Uzbekistan's religion law states that "religious organisations will assume the status of juridical persons and may carry out their work after being registered with the Ministry of Justice of the Republic of Uzbekistan or with its local agencies in a procedure established by law". In other words, if believers meet in unregistered prayer houses, the authorities view this as an infringement of the law and will take punitive measures, even going so far as to bring a criminal prosecution.

With the help of the Spiritual Administration, the government is trying to take complete control of the religious life of Muslims. "Today in Uzbekistan there are almost no imams left who do not carry out the instructions of the authorities," former political prisoner and member of the board of the Independent Organisation for Human Rights of Uzbekistan, Ismail Adylov, told Keston in Tashkent on 15 April. "Virtually all the imams who are independent of the authorities have either been arrested or have been forced to flee the country."

However, even after the National Security Committee has neutralised "troublesome" imams, NSC officers still pursue their family members. One prominent case is that of the family of Tashkent imam Obidhon Nazarov, who was forced to flee Uzbekistan in 1997. "My husband's sermons have been circulated on tapes by believers throughout Uzbekistan," Nazarov's wife, Minora Nasredinova, told Keston in Tashkent on 15 April. "My husband did not want to get involved in politics, he was concerned only with God. But it is precisely such people that the authorities are afraid of." She reported that Nazarov had been forced to flee the country to avoid arrest. "But the authorities have not left our family alone: Obidhon's brother and uncle have been imprisoned. In 1999, after the terrorist attacks in Tashkent, I was also arrested and spent several months in prison. We have become accustomed to the fact that the authorities will search our home every so often." She added that the last such search was on 14 March, the very day that Uzbek president Islam Karimov returned from the United States. "We had hoped that in the wake of the rapprochement of Uzbekistan and the United States, the human rights situation in Uzbekistan would improve," Nasredinova noted sadly. "But unfortunately our hopes have proved to be unfounded."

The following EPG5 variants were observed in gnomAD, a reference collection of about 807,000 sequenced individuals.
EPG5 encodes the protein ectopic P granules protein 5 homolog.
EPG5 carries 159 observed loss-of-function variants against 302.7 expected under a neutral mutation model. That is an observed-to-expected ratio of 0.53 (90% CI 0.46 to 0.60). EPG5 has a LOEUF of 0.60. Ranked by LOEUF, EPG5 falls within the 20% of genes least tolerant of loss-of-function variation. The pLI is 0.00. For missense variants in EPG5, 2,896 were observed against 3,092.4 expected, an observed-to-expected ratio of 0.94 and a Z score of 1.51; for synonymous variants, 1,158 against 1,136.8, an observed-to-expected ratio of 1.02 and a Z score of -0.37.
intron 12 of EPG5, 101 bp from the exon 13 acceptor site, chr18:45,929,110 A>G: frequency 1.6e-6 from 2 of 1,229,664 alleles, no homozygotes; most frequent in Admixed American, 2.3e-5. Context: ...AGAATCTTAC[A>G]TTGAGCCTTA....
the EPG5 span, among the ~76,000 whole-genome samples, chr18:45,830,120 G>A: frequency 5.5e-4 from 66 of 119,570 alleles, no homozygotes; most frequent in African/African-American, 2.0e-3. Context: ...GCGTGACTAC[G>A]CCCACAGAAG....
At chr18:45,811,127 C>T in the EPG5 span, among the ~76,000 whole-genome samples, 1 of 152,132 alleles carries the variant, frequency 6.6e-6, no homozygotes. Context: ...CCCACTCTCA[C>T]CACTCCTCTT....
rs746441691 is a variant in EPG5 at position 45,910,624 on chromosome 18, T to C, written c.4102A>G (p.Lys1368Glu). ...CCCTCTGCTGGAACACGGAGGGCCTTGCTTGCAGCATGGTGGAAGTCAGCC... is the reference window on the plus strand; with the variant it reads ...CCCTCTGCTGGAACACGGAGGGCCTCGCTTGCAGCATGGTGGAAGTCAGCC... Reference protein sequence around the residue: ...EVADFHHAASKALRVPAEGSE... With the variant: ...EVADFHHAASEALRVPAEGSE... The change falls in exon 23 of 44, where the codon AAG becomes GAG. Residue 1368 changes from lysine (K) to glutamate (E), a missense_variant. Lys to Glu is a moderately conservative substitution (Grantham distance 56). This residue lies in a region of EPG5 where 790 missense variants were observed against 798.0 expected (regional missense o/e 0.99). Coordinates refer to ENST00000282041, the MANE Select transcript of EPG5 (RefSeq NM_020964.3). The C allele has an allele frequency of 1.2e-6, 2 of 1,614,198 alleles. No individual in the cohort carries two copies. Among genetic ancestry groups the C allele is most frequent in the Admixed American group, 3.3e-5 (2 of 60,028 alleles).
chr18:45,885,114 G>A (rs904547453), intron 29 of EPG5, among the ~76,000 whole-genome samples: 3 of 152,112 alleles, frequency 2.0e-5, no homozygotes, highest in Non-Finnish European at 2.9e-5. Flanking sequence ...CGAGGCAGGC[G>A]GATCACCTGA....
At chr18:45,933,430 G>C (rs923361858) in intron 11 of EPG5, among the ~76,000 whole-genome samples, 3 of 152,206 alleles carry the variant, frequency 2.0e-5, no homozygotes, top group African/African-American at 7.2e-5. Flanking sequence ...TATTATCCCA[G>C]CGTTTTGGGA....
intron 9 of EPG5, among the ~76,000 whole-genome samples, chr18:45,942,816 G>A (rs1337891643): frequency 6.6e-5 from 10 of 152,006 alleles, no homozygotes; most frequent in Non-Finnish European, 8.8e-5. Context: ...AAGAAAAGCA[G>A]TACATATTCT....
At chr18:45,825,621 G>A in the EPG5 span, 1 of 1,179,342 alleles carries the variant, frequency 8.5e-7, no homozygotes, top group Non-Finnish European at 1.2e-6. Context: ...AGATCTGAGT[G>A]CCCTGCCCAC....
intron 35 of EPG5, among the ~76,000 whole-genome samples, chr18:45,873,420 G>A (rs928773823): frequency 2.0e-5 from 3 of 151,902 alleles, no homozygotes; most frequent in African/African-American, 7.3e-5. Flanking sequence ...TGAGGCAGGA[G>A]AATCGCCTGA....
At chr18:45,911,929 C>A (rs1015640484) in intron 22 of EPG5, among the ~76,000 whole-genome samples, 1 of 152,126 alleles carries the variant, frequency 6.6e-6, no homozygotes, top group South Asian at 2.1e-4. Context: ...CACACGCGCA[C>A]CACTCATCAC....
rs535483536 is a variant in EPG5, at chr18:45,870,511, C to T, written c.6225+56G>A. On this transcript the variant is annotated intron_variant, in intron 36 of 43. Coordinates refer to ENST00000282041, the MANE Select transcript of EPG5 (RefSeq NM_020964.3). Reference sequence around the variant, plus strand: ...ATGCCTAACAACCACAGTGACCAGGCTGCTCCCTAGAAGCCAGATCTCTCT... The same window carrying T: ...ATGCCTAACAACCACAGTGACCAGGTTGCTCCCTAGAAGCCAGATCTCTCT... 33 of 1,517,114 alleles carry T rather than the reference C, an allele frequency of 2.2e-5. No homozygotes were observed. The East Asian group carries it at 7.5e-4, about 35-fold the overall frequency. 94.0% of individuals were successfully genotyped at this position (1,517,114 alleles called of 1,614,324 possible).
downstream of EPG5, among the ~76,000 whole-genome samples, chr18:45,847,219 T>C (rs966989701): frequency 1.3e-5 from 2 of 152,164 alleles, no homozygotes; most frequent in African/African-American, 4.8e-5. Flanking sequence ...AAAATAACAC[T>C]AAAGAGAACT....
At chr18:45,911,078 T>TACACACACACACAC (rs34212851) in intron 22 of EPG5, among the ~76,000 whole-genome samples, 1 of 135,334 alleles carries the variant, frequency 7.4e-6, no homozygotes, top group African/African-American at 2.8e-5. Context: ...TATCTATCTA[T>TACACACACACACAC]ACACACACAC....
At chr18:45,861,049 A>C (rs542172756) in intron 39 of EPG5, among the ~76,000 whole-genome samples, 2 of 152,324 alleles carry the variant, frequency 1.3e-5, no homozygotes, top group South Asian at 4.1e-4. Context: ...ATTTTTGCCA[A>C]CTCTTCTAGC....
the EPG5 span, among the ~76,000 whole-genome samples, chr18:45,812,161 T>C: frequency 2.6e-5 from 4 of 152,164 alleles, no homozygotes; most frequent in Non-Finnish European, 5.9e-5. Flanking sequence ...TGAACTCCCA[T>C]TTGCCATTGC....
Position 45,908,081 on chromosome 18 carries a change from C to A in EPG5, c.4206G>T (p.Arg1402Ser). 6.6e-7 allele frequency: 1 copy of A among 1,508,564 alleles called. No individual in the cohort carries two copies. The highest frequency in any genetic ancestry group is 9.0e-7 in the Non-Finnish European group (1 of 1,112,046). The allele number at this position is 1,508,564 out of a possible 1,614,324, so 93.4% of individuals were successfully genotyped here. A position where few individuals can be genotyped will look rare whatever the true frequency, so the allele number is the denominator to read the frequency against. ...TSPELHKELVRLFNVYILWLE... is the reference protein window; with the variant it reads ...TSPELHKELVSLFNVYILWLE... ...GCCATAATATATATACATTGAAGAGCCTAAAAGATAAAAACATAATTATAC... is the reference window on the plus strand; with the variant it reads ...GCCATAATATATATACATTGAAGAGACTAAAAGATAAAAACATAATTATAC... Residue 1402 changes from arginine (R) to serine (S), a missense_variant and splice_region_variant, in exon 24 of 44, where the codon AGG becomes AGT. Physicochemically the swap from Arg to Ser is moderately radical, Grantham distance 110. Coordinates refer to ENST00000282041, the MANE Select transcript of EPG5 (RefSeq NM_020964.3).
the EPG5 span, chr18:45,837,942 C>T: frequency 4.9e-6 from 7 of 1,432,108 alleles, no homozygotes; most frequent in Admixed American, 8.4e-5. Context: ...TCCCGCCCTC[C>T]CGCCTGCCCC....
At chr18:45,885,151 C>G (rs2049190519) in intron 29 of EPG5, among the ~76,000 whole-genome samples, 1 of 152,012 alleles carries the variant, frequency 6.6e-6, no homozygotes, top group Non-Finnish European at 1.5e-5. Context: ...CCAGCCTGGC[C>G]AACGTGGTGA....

The authorities are conducting an out-and-out campaign against members of the Hizb-ut-Tahrir party, an international Islamic organisation which advocates the unification of all Muslims in the world into a single caliphate and which is banned in Uzbekistan. Keston has established that in almost every mahalla (a city district made up of private homes) there has been an instance where genuine members of Hizb-ut-Tahrir have been arrested. However, Keston was told that many of those arrested were not Hizb-ut-Tahrir members, but simply devout Muslims. Keston's sources asserted that frequently the police plant Hizb-ut-Tahrir leaflets on law-abiding people so that they can later take a bribe from relatives for the release of the person under arrest (anyone found with this organisation's leaflets is immediately arrested). The bribe varies from 300 to 1,000 US dollars (200 to 700 British pounds). (END)